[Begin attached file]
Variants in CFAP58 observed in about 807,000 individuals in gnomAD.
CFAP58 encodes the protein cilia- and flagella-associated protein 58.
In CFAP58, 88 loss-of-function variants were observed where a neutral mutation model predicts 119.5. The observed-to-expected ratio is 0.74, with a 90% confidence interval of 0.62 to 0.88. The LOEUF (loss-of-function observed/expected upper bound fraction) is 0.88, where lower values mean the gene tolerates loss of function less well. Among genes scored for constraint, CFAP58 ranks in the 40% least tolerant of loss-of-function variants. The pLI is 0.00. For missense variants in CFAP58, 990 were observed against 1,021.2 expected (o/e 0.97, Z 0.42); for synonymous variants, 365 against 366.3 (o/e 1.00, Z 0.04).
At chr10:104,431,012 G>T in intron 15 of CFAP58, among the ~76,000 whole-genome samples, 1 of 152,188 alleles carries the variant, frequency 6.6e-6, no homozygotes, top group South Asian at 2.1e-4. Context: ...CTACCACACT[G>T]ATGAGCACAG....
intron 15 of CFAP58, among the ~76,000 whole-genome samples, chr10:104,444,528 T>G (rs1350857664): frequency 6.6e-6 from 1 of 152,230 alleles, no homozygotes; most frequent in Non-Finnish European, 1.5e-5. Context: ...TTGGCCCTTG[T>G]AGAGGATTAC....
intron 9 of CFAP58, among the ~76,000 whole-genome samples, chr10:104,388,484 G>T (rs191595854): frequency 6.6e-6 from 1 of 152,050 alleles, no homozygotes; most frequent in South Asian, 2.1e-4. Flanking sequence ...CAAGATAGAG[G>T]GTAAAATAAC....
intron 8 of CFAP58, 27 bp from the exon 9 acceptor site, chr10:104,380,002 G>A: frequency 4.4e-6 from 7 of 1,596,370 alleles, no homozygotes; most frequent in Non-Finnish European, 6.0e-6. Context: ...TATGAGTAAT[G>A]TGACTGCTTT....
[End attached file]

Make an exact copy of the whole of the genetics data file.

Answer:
Variants in CFAP58 observed in about 807,000 individuals in gnomAD.
CFAP58 encodes the protein cilia- and flagella-associated protein 58.
In CFAP58, 88 loss-of-function variants were observed where a neutral mutation model predicts 119.5. The observed-to-expected ratio is 0.74, with a 90% confidence interval of 0.62 to 0.88. The LOEUF (loss-of-function observed/expected upper bound fraction) is 0.88, where lower values mean the gene tolerates loss of function less well. Among genes scored for constraint, CFAP58 ranks in the 40% least tolerant of loss-of-function variants. The pLI is 0.00. For missense variants in CFAP58, 990 were observed against 1,021.2 expected (o/e 0.97, Z 0.42); for synonymous variants, 365 against 366.3 (o/e 1.00, Z 0.04).
At chr10:104,431,012 G>T in intron 15 of CFAP58, among the ~76,000 whole-genome samples, 1 of 152,188 alleles carries the variant, frequency 6.6e-6, no homozygotes, top group South Asian at 2.1e-4. Context: ...CTACCACACT[G>T]ATGAGCACAG....
intron 15 of CFAP58, among the ~76,000 whole-genome samples, chr10:104,444,528 T>G (rs1350857664): frequency 6.6e-6 from 1 of 152,230 alleles, no homozygotes; most frequent in Non-Finnish European, 1.5e-5. Context: ...TTGGCCCTTG[T>G]AGAGGATTAC....
intron 9 of CFAP58, among the ~76,000 whole-genome samples, chr10:104,388,484 G>T (rs191595854): frequency 6.6e-6 from 1 of 152,050 alleles, no homozygotes; most frequent in South Asian, 2.1e-4. Flanking sequence ...CAAGATAGAG[G>T]GTAAAATAAC....
intron 8 of CFAP58, 27 bp from the exon 9 acceptor site, chr10:104,380,002 G>A: frequency 4.4e-6 from 7 of 1,596,370 alleles, no homozygotes; most frequent in Non-Finnish European, 6.0e-6. Context: ...TATGAGTAAT[G>A]TGACTGCTTT....